• Length of credit history
  • Types of credit used
  • Recent searches for credit

The top two, payment history and credit utilization together account for 65% of your credit score. What this translates into is that the most important things you can do to have a good credit score is first, make all of your payments on time all the time. And second, don’t use up a high percentage of the credit you have available. As an example of this, suppose that you have total credit limits of $10,000. In this case, you should not have combined balances of more than $3000, which would yield a credit utilization ratio of 30%.

Who do you trust?stressed old man

So with all of these different credit scores and credit score ranges, who should you trust? The best answer is to get your generic FICO score. It’s available on the website www.myfico.com for $19.95 or you could get it free if you sign up for a free trial of the company’s Score Watch program. But you might want to supplement this by getting your free score periodically from one of the three credit bureaus or a consumer website. The reason for this is because your credit score is not static. It’s generated every time you apply for credit. This means it could change literally from week to week.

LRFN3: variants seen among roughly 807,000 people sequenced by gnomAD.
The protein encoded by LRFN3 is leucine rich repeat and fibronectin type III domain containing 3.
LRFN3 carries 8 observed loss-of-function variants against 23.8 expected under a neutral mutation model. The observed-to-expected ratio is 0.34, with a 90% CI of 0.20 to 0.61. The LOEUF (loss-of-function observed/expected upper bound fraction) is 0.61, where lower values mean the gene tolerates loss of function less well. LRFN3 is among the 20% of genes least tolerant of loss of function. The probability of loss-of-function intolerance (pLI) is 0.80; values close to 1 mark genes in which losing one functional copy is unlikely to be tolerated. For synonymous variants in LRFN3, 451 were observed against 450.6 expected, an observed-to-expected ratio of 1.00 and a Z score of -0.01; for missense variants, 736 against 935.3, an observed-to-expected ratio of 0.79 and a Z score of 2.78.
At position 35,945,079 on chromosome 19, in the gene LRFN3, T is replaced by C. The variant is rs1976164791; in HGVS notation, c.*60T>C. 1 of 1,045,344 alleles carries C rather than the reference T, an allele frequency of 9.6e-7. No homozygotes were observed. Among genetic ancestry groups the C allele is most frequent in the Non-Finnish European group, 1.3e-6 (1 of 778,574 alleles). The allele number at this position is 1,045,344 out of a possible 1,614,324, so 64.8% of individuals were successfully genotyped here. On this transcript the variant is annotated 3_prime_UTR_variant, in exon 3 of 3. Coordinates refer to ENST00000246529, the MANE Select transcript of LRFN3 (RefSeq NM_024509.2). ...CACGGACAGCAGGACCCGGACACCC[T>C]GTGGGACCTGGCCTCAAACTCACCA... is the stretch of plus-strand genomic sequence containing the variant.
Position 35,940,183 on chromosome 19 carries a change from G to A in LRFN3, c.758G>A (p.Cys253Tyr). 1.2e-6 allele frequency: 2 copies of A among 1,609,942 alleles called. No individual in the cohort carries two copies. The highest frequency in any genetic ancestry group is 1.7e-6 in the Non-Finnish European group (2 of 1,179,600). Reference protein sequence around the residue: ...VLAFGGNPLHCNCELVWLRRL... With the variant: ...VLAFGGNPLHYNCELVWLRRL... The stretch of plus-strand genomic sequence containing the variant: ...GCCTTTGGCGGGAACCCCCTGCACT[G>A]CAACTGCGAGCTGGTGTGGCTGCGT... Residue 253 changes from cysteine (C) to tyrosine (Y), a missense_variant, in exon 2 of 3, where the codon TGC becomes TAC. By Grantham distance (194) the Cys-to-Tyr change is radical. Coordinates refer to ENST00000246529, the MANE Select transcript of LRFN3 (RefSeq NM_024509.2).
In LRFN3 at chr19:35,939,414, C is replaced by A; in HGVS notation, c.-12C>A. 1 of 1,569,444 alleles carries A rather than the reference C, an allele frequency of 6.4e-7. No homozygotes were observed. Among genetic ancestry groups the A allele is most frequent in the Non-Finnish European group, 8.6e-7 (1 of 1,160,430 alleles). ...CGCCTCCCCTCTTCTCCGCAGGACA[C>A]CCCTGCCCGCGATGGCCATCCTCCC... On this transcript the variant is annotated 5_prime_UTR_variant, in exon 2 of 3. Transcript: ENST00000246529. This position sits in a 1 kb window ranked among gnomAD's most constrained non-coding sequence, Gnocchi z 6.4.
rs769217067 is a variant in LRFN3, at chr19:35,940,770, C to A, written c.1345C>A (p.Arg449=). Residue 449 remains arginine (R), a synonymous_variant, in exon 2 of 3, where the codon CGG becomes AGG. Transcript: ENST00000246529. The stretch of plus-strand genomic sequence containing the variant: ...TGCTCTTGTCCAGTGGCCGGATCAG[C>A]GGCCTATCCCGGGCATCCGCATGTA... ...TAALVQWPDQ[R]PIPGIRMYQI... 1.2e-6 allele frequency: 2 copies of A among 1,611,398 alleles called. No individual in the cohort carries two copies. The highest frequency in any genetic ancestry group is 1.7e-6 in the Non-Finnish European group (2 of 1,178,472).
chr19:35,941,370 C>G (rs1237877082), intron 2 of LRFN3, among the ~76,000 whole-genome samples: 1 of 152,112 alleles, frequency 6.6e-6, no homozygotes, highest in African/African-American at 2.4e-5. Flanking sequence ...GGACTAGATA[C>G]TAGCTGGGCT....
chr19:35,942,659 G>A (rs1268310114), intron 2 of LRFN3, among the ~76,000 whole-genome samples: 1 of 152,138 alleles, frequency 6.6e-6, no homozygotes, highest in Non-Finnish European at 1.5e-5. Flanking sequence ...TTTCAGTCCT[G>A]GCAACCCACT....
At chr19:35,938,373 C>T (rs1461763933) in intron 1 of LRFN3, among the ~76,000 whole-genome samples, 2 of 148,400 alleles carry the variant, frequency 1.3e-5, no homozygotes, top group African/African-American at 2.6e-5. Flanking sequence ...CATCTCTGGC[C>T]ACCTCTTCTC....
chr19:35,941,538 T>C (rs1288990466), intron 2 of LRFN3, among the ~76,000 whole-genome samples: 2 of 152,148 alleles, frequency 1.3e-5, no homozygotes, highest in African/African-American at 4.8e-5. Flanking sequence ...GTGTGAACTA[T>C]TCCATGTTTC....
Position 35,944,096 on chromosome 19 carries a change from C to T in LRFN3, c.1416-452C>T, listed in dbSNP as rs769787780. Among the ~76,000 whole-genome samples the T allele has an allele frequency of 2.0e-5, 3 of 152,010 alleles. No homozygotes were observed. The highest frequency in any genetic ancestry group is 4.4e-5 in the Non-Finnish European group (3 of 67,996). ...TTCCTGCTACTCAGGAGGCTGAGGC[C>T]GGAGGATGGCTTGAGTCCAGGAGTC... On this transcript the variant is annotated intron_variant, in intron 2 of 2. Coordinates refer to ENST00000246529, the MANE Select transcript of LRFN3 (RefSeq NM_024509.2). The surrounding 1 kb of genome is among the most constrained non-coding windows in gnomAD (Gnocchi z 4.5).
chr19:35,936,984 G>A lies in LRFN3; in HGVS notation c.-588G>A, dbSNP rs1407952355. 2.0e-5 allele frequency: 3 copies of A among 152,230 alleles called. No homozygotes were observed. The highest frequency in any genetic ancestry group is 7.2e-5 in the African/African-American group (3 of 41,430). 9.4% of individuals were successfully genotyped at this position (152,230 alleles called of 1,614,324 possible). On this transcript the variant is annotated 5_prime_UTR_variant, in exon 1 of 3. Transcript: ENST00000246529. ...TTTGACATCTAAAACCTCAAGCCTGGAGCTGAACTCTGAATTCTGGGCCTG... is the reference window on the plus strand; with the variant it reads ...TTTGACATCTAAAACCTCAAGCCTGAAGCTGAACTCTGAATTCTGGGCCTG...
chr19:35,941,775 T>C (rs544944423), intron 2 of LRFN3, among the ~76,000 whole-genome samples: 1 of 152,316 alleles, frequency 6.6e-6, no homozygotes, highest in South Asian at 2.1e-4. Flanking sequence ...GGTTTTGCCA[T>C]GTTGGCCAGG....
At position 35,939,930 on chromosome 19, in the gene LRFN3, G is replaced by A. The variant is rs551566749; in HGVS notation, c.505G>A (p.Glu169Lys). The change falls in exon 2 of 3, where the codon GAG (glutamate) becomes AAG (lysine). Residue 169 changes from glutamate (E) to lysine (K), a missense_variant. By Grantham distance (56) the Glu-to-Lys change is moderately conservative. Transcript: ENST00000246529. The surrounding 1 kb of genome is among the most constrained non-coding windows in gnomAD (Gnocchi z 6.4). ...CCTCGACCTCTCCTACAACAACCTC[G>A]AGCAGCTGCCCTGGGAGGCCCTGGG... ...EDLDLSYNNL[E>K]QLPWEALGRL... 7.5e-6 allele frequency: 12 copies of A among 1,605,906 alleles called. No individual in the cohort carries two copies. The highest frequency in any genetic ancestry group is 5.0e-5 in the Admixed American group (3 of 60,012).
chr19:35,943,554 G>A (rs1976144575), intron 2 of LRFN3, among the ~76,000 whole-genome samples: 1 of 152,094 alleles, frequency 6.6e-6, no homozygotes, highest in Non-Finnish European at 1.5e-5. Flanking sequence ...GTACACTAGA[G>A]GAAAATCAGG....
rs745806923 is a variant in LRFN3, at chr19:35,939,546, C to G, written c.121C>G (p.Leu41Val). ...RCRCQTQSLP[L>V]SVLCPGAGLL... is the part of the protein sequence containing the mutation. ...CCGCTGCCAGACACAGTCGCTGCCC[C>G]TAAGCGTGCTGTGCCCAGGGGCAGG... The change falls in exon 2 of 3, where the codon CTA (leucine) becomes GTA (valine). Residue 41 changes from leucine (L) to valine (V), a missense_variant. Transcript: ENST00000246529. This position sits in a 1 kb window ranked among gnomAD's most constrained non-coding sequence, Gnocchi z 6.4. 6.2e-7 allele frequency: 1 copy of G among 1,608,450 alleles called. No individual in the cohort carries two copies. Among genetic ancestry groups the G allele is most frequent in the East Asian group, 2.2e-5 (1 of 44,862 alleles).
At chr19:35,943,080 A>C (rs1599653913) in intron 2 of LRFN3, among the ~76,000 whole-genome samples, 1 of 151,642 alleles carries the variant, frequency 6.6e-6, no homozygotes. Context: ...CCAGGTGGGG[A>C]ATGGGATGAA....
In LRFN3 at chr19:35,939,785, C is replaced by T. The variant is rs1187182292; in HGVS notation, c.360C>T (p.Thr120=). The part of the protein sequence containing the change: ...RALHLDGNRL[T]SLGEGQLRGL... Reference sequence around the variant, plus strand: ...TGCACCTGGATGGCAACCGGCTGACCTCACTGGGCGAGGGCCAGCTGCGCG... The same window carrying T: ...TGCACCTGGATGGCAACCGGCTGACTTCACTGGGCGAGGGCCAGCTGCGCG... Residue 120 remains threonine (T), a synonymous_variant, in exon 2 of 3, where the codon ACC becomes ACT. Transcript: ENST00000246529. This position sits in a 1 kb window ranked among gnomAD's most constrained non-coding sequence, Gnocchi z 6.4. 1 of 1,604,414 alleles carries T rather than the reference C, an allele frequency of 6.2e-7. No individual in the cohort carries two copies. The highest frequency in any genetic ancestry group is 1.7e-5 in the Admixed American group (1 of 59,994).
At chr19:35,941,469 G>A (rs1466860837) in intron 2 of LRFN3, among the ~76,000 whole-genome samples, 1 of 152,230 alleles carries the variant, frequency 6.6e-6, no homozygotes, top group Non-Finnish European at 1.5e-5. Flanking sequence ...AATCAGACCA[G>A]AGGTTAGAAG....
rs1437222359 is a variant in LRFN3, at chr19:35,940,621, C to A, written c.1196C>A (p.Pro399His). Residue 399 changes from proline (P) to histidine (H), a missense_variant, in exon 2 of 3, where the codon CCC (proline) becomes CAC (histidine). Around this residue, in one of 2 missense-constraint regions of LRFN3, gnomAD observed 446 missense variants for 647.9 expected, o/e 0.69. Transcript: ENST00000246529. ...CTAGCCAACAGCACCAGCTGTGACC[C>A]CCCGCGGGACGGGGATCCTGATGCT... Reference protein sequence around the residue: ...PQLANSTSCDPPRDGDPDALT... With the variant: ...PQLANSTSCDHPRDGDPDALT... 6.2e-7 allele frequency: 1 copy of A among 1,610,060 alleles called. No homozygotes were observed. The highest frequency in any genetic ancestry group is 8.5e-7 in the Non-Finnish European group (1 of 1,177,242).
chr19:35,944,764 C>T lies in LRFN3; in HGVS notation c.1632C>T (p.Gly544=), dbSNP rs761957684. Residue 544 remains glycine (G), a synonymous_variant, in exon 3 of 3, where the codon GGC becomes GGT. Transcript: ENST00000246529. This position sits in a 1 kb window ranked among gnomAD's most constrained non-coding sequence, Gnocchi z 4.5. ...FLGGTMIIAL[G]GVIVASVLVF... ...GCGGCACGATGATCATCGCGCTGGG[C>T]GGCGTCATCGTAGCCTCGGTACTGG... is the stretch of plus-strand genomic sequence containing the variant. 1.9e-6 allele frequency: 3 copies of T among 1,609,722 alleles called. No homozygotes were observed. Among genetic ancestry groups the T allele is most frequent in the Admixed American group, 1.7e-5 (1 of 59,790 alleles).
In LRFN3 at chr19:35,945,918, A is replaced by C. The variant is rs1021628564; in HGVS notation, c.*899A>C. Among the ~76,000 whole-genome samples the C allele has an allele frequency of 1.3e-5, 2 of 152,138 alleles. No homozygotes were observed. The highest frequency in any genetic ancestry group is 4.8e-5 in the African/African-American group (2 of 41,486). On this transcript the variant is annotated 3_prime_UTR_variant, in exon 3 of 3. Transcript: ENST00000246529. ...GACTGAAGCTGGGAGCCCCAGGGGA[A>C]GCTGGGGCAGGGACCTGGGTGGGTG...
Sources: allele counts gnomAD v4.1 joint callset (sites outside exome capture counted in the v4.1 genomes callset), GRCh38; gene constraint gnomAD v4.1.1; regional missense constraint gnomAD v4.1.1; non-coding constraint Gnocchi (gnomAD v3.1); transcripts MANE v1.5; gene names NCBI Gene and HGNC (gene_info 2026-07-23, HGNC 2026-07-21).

One Simple Trick That Could Improve Your Credit Score By 30 To 40 Points

Girl with one hand on laptop, the other giving a thumbs upIf you applied for a loan before the 1980s, your lender would have to order your credit reports and then review each one of them line by line. This was not only time-consuming but meant a subjective opinion and left room for human error. In other words, two potential lenders could review the same credit reports but come to very different conclusions as to your credit worthiness.

Along came Fair Isaac

The company that was then known as Fair Isaac Corporation (now known as FICO) changed things dramatically when it created credit scoring. The short explanation of how this works is that FICO assigns points on the variables that make up a person’s credit report. It then uses statistical models that consider many different variables and combinations of variables – to ultimately yield one 3-digit number or credit score. Credit scoring quickly caught on with lenders for two reasons. First, it took all the subjectivity out of rating a person’s credit worthiness and second, it helped consumers get the credit they needed much faster.

How credit scoring works

No one but FICO knows precisely how its credit scoring works but it is known that your score is made up of five components.

  1. Payment history – or how you’ve used credit, which makes up 35% of your score
  2. Credit utilization – how much credit you’ve used vs. the amount you have available, which is 30% of your score
  3. Length of credit history – or how long you’ve had credit, which is 15% of your score
  4. Types of credit used – the different types of credit you’ve had such as credit cards and an auto loan, which makes up 10% of your credit score